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Can we talk about Tesla paint real quick?

I picked up a Multi-coat Red Model Y on February 13th. It came in great condition. The gaps were consistent (within 1mm at least) and the paint looked stunning. I took the car home and dropped it off for a full frontal PPF and tint the following week.

I've been driving the car for the past month and half and while the paint still looks great from 3-5', if you get up close and catch a reflection of the clear coat... there's tiny scratches EVERYWHERE. I've noticed the door handles have a BUNCH of what looks like nail/finger marks from trying to grab the handle. These appear to be just in the clear and definitely something that could be corrected, but OMG I can't believe how many "marks" I've found after only a month.

I assume this is why folks ceramic coat their cars? Or...will ceramic coating even protect against that?

Either way, I'm glad the car looks great from 5' but I'm a little let down on how easily this clear coat gets scratches. :(
 

Pianewman

2021 MYLR VIN 88,XXX, Rd/Wh, 12/20 delivery
Supporting Member
Oct 28, 2020
2,146
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Fort Worth
I believe Tesla paint is chemically nothing special, meaning it is neither stronger nor weaker than industry standard. There are folks here that speculate that these paint issues are because the paint isn't fully cured prior to release to the public. High demand has caused Tesla to move the cars quickly from production onto trucks and into the consumers hands. (How many of US were crying hysterically about production delays????)

Auto paint requires curing, either by baking at the factory, or simply "x" amount of time prior to release to the consumer. I think Tesla is doing neither.

The good news is your paint can be "corrected", which is the NEW way of saying "polishing" with a very, very fine abrasive. This should be done by a reputable, experienced shop. Follow with ceramic, or similar product, and you should be fine.
 
I believe Tesla paint is chemically nothing special, meaning it is neither stronger nor weaker than industry standard. There are folks here that speculate that these paint issues are because the paint isn't fully cured prior to release to the public. High demand has caused Tesla to move the cars quickly from production onto trucks and into the consumers hands. (How many of US were crying hysterically about production delays????)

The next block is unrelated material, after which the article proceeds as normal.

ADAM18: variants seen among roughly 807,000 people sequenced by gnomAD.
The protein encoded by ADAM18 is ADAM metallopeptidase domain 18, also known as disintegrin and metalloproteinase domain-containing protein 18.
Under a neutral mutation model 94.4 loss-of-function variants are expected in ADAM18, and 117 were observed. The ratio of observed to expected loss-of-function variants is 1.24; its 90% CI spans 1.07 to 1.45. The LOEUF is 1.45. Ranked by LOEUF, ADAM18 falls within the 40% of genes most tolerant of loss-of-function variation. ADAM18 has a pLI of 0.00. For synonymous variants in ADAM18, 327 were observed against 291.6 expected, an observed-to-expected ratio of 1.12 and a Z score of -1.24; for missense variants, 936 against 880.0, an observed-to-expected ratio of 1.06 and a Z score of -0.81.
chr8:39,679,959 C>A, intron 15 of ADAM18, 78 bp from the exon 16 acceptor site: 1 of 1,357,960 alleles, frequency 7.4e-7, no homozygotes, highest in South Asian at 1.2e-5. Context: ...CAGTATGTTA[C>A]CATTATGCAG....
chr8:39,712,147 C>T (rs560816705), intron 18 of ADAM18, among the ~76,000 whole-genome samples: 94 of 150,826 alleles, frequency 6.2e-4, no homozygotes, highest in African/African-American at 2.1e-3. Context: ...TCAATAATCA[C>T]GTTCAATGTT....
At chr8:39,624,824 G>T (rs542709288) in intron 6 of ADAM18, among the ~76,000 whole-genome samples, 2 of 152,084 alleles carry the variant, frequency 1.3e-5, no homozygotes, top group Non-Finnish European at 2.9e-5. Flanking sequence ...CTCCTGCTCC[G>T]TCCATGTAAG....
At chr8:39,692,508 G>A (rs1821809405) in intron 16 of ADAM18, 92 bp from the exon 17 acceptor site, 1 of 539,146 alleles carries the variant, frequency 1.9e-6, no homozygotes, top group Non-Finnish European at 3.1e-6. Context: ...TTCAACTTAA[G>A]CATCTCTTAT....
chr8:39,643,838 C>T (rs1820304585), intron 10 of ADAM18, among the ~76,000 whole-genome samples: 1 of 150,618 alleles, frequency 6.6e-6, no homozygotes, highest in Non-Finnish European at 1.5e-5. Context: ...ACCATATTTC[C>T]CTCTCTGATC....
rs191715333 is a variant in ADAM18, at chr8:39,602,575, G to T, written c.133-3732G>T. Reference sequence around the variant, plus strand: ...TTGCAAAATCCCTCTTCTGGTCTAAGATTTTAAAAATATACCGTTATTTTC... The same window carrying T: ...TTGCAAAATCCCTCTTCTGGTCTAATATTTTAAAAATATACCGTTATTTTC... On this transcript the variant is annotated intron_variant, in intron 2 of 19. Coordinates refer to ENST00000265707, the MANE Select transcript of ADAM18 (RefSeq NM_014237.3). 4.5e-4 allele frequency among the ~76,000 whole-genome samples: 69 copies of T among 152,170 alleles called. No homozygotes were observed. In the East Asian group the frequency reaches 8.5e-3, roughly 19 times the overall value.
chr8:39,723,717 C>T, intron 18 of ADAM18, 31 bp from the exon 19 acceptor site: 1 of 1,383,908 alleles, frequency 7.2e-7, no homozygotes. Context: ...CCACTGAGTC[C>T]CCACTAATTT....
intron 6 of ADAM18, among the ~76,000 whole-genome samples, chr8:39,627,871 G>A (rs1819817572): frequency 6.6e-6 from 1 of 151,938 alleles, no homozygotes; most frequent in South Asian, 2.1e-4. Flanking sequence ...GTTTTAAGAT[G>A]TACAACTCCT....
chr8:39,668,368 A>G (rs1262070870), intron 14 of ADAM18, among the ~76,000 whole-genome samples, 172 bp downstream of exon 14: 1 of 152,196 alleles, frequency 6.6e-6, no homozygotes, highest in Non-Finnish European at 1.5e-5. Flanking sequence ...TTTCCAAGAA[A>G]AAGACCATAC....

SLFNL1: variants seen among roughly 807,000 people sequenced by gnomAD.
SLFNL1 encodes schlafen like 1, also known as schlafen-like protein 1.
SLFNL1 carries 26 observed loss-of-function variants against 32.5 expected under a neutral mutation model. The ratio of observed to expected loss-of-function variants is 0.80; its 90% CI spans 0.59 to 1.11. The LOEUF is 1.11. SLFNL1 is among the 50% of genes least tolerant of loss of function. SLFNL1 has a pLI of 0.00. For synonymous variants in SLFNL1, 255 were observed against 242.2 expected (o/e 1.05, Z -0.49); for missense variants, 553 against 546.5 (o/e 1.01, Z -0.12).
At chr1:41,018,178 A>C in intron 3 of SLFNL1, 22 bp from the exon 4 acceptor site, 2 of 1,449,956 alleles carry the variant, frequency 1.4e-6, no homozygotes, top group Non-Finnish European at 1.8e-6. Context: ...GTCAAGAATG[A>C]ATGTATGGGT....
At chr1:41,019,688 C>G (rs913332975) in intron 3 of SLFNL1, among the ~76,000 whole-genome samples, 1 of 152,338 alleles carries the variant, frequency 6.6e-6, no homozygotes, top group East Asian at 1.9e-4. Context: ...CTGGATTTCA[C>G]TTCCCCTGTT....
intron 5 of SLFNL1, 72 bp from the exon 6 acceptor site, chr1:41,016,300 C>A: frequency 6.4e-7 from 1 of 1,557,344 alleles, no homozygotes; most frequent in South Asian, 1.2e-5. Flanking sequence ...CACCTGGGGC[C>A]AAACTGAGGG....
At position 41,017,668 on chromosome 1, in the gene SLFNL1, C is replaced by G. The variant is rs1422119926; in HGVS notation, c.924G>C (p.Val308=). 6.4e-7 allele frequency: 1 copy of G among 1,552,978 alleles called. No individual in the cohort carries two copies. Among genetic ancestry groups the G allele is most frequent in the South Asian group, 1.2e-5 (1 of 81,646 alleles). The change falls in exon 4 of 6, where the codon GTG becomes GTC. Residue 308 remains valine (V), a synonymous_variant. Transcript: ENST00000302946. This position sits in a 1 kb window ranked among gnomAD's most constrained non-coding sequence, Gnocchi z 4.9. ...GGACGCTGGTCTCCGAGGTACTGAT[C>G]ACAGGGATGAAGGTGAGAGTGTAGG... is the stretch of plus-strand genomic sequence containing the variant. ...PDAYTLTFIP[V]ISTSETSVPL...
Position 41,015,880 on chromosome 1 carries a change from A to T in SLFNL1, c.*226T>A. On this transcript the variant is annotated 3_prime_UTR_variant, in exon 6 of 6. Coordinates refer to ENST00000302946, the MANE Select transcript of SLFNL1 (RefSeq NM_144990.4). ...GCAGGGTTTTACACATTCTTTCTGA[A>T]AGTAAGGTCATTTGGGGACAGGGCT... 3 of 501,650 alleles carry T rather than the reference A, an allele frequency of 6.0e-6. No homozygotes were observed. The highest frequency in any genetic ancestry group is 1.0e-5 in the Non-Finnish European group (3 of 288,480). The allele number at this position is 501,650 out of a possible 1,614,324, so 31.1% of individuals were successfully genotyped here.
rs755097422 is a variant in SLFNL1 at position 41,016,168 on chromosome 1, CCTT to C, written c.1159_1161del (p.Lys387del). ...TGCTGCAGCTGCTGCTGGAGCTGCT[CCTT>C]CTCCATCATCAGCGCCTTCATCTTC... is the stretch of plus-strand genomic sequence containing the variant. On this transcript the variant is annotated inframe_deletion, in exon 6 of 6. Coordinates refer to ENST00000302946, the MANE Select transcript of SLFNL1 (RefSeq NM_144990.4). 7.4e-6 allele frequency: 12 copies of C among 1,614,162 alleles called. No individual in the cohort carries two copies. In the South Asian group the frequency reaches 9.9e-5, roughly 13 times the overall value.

Auto paint requires curing, either by baking at the factory, or simply "x" amount of time prior to release to the consumer. I think Tesla is doing neither.

The good news is your paint can be "corrected", which is the NEW way of saying "polishing" with a very, very fine abrasive. This should be done by a reputable, experienced shop. Follow with ceramic, or similar product, and you should be fine.
That's a great explanation and sounds about right.

Would that mean that after a period of time, the paint WILL cure and receive less of these delicate scratches? (in theory)
 

Pianewman

2021 MYLR VIN 88,XXX, Rd/Wh, 12/20 delivery
Supporting Member
Oct 28, 2020
2,146
1,811
Fort Worth
In my opinion, yes. I'm no paint expert, but it's my understanding that actual curing time for automobile type paints is 30+ days. In TX heat/sun, probably less, but wintertime? Longer?

I waited 30 days prior to having ceramic applied, but I had the luxury of keeping the car garaged prior to the coating. I think I avoided the fine scratches you're referring to.
 
Some automotive paints are simply softer than other, e.g., traditionally Japanese paints vs. German, but there are no real ‘rules’ there.

Soft paint marrs more easily, but likewise is easier to correct.

Harder paint does not scratch as easily, but requires heavier correction.

There is no perfect paint; just trade-offs. Adding a ceramic coating adds an additional sacrificial layer and can add a harder ‘shell’ on soft paint, but it will still scratch (just less so) and still require correction and replacement where necessary.
 
There are two sides to this. The article seems to be based on aftermarket resprays, where the paint isn’t baked in many cases. The curing / off-gassing would probably take longer in those cases than would happen in a modern car plant.

Still, I had a car a couple of years ago with a $13K paint job from the factory, and it turned up with horrible streaks in the panels. Some you could visibly feel. What was it? They had applied the plastic protective film at the factory before all of the off-gassing had completed. The paint was a disaster, but the manufacturer produced and internal bulletin on the issue and the answer was simply to leave the car in the sun for a couple of days and let it bake. It worked. The paint just fixed itself, but that’s only because that plastic protective coating was removed, allowing the off-gassing to complete.

Not sure if ‘curing’ is technically still an issue based on modern paint, but off-gassing is still a real thing.
 

Pianewman

2021 MYLR VIN 88,XXX, Rd/Wh, 12/20 delivery